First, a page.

Jul 23, 2019 I Paul Seaburn

‘Storm Loch Ness’ — The Storming for Aliens and Cryptids Continues

You knew it was coming! First there was the ‘Storm Area 51, They Can’t Stop All of Us’ movement, which started as a joke, now has millions of people signed up for it and has generated responses (serious ones!) from the Air Force and Area 51 guy Bob Lazar. Then came the imitation wanna-bes. ‘Storm The Bermuda Triangle, It Can’t Swallow All Of Us’ is organizing boaters and divers to enter the vast Bermuda Triangle and risk sinking, alien abduction, disappearing or worse in the name of “weed and a lot of beer and whiskey.” Thousands have signed up for that one, so you knew it was only a matter of time before other paranormal hotspots got their own stormin’. Introducing ‘“Storm Loch Ness – Nessie can’t hide from us all’ – yet another joke-ish yet serious movement to man Nessie floaties out into the frigid waters to peer, bail, fish, dice, call for and otherwise attempt to do what lesser numbers of people have not – bring the Loch Ness monster to the surface in front of a multitude of witnesses who are hopefully sober enough to take a selfie. It has to be legitimate … there’s already been an official warning!

"The time is now for us to find that big boi."

The BBC reports that over 18,000 have responded on Facebook that they’re attending and over 38,000 more are interested. That page and the project were set just days ago by earlier by on Brian Richards, who the Press and Journal identifies as a Riverside, California, resident who is believed to be “an alien conspiracy theorist.” Does that make his storming movement more or less believable? What about his spelling of ‘boi’?

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That's not it.

“Are you ready for the 3am dive into Loch Ness to catch Nessie unawares while she’s sleeping?”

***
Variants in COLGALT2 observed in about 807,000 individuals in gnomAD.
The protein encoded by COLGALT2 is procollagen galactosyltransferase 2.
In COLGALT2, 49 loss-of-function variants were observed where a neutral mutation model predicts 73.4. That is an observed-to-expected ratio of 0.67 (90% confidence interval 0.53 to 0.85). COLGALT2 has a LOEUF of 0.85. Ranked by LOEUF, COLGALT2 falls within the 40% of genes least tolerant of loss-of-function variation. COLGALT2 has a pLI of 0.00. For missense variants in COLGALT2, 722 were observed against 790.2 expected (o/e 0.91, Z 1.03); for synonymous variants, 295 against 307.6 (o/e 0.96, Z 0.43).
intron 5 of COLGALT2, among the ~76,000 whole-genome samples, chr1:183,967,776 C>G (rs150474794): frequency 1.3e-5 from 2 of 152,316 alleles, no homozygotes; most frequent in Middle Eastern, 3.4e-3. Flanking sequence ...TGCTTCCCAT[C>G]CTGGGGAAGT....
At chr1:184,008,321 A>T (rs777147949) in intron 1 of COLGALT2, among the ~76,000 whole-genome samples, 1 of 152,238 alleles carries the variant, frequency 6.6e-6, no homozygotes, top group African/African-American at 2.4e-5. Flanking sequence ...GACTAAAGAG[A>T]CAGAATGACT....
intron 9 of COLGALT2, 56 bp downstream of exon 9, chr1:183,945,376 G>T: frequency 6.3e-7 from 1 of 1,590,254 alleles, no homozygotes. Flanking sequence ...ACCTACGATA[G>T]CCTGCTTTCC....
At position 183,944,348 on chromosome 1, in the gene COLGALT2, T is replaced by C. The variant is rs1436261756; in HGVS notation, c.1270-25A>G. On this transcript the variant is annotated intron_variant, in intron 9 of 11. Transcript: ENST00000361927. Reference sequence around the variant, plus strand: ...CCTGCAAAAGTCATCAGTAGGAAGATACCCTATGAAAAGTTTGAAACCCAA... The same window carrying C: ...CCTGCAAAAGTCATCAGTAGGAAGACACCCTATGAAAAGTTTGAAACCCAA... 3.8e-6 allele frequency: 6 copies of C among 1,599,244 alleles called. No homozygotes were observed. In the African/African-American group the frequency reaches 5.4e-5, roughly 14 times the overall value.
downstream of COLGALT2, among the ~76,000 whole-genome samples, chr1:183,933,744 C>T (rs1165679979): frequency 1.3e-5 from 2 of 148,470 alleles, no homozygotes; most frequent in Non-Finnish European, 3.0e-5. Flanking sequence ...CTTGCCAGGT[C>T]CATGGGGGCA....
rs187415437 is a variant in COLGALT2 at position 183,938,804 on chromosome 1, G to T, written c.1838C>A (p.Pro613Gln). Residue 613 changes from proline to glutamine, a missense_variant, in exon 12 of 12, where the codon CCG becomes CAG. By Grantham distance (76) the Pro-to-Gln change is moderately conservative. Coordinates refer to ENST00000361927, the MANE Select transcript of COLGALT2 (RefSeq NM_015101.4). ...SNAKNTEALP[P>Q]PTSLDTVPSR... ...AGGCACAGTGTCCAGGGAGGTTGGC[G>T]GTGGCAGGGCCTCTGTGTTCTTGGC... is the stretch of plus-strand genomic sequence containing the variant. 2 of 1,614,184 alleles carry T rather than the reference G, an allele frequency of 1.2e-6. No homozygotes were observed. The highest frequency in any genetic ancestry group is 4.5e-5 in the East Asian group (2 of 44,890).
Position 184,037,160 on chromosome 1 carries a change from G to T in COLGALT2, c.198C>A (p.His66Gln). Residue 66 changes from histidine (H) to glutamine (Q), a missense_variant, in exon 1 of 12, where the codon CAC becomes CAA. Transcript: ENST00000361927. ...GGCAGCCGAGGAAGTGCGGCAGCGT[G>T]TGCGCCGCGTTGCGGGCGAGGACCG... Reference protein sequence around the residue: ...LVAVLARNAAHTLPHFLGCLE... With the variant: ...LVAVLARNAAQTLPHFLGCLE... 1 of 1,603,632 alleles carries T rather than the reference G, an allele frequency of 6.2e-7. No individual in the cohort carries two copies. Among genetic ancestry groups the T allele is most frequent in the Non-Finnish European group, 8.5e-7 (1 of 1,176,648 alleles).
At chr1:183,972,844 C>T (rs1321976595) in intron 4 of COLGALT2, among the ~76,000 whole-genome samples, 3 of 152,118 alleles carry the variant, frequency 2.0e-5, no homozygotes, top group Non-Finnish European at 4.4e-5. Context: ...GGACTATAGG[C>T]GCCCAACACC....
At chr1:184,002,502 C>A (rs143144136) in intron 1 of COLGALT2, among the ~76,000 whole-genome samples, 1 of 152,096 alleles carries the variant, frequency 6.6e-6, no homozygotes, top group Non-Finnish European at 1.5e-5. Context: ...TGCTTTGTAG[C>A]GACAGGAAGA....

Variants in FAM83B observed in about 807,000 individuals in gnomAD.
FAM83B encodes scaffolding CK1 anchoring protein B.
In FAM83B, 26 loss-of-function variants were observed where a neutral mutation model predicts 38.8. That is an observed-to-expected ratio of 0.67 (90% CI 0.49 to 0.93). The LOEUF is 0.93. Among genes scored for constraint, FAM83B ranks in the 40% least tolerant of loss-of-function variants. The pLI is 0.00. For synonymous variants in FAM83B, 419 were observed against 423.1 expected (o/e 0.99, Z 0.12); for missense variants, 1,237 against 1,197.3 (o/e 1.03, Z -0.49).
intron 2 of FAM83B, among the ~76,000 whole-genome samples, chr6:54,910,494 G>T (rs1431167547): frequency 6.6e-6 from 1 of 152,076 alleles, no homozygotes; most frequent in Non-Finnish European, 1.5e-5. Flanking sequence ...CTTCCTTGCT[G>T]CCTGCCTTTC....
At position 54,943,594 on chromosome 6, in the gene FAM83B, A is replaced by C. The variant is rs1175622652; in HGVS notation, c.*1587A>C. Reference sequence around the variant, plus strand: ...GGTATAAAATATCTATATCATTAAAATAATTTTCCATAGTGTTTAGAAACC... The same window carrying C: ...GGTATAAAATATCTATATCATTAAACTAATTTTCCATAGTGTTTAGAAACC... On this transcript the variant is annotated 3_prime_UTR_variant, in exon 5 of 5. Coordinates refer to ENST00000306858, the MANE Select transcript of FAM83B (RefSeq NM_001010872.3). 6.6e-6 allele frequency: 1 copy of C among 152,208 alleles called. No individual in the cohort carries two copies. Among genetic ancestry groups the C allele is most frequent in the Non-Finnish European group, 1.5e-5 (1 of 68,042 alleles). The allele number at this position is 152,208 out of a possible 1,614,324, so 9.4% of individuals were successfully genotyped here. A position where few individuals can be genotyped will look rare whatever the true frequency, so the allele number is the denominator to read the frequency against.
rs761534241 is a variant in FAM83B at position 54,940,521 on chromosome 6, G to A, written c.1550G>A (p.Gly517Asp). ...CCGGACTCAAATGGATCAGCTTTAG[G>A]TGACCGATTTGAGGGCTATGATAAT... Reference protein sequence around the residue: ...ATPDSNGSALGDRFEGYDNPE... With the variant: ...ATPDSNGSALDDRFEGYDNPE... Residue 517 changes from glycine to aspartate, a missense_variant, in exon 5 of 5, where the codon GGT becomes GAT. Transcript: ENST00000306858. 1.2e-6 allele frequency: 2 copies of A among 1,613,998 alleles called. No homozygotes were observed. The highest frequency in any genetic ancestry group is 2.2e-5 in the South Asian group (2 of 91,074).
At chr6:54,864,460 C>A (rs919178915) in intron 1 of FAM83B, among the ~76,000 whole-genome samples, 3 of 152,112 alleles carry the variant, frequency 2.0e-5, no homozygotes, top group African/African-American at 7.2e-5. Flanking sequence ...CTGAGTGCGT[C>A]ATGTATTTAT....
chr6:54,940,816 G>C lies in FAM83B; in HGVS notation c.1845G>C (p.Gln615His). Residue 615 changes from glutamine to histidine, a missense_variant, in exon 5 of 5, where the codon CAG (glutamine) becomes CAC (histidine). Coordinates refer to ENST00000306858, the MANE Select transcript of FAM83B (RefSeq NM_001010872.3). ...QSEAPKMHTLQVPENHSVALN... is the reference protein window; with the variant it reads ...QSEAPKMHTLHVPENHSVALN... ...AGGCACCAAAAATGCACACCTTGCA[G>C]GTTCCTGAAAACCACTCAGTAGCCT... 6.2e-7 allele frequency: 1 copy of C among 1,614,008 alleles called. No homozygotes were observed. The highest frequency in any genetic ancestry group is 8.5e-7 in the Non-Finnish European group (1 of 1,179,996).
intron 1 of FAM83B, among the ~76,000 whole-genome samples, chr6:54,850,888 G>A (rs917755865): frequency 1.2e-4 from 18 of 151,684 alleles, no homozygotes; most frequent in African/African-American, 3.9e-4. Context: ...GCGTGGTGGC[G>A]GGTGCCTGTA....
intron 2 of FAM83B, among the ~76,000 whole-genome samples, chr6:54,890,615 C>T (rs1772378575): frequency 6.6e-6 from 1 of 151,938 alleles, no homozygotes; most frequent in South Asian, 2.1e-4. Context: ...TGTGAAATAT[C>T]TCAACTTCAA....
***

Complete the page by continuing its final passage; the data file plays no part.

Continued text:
The event is scheduled to take place on Saturday September 21st at Loch Ness Fort Augustus, which is at the far south-west end of Loch Ness and about 18 miles from Urquhart Castle where many of the alleged sightings have taken place. Does Richards have some inside information on the true location of Nessie or is that just the best place to get a hotel room in late September?

"With no US Army involved, Loch Ness looks a little less hazardous than storming Area 51, but here we have our own set of problems. Our Atlantic 85 lifeboat has an impressive survivor-carrying capacity, but even that will be stretched by the 'attendees' of this event."

A spokesperson for the Royal National Lifeboat Institution (RNLI), the volunteer organization that does an outstanding job of equipping and crewing lifeboats and performing water rescues throughout the UK, warns that their boat is no ocean liner and can’t dozens, let alone thousands, of potentially drunken Loch Ness stormers on floaties or doing whatever else they might try to bring Nessie to the surface.

"The Loch is 230m deep - that's nearly two and a half times the height of Big Ben. The water temperature is cold!! In fact, an average of 6 degrees centigrade all year round, meaning cold water shock and hypothermia are real dangers. Weather conditions and water state can deteriorate rapidly, going from flat calm to a large swell in minutes. There are very few areas on the shoreline where it is possible to make it up to a road. Waves are wind generated rather than tidal, so they behave differently to how users might expect. Its fresh water is less buoyant than salt, meaning more effort is required to float/swim."

While those warnings may stop some, others are already figuring out a way to storm without drowning.

“Everyone bring buckets! We will bail the lake.”

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You can't bail Loch Ness without your official Nessie ladle.

While that suggestion is safer, it obviously won’t work or it would have been tried before. This sounds like a futile – albeit less deadly – version of the Area 51 and Bermuda Triangle stormings. What next… ‘Storm the Pyramids, Those Mummies Are Slow Runners’? ‘Storm Hell, Satan is Pretty Busy in Washington Right Now’?

Who’s ready for some stormin’?

Paul Seaburn

Paul Seaburn is the editor at Mysterious Universe and its most prolific writer. He’s written for TV shows such as "The Tonight Show", "Politically Incorrect" and an award-winning children’s program. He's been published in “The New York Times" and "Huffington Post” and has co-authored numerous collections of trivia, puzzles and humor. His “What in the World!” podcast is a fun look at the latest weird and paranormal news, strange sports stories and odd trivia. Paul likes to add a bit of humor to each MU post he crafts. After all, the mysterious doesn't always have to be serious.

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